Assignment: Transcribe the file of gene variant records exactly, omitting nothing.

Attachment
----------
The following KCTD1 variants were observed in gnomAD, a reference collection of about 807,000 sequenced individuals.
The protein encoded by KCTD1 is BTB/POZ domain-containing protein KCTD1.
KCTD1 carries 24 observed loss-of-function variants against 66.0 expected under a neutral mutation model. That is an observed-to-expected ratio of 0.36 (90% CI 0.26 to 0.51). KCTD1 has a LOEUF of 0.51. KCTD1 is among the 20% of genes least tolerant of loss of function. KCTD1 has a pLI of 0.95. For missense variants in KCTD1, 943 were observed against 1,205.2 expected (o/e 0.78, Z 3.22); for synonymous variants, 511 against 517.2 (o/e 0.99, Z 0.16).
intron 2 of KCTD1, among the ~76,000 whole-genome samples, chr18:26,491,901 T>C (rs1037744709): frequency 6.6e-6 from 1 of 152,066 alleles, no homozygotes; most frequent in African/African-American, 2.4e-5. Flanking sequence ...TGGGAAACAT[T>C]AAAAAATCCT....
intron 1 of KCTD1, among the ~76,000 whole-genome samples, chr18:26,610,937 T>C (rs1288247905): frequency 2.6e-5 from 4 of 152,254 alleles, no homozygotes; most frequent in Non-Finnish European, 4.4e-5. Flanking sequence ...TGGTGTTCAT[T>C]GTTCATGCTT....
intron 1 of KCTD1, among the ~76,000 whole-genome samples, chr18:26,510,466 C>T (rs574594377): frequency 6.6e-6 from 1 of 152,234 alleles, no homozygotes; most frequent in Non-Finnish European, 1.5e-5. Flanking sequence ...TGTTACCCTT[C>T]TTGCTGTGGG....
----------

The following KCTD1 variants were observed in gnomAD, a reference collection of about 807,000 sequenced individuals.
The protein encoded by KCTD1 is BTB/POZ domain-containing protein KCTD1.
KCTD1 carries 24 observed loss-of-function variants against 66.0 expected under a neutral mutation model. That is an observed-to-expected ratio of 0.36 (90% CI 0.26 to 0.51). KCTD1 has a LOEUF of 0.51. KCTD1 is among the 20% of genes least tolerant of loss of function. KCTD1 has a pLI of 0.95. For missense variants in KCTD1, 943 were observed against 1,205.2 expected (o/e 0.78, Z 3.22); for synonymous variants, 511 against 517.2 (o/e 0.99, Z 0.16).
intron 2 of KCTD1, among the ~76,000 whole-genome samples, chr18:26,491,901 T>C (rs1037744709): frequency 6.6e-6 from 1 of 152,066 alleles, no homozygotes; most frequent in African/African-American, 2.4e-5. Flanking sequence ...TGGGAAACAT[T>C]AAAAAATCCT....
intron 1 of KCTD1, among the ~76,000 whole-genome samples, chr18:26,610,937 T>C (rs1288247905): frequency 2.6e-5 from 4 of 152,254 alleles, no homozygotes; most frequent in Non-Finnish European, 4.4e-5. Flanking sequence ...TGGTGTTCAT[T>C]GTTCATGCTT....
intron 1 of KCTD1, among the ~76,000 whole-genome samples, chr18:26,510,466 C>T (rs574594377): frequency 6.6e-6 from 1 of 152,234 alleles, no homozygotes; most frequent in Non-Finnish European, 1.5e-5. Flanking sequence ...TGTTACCCTT[C>T]TTGCTGTGGG....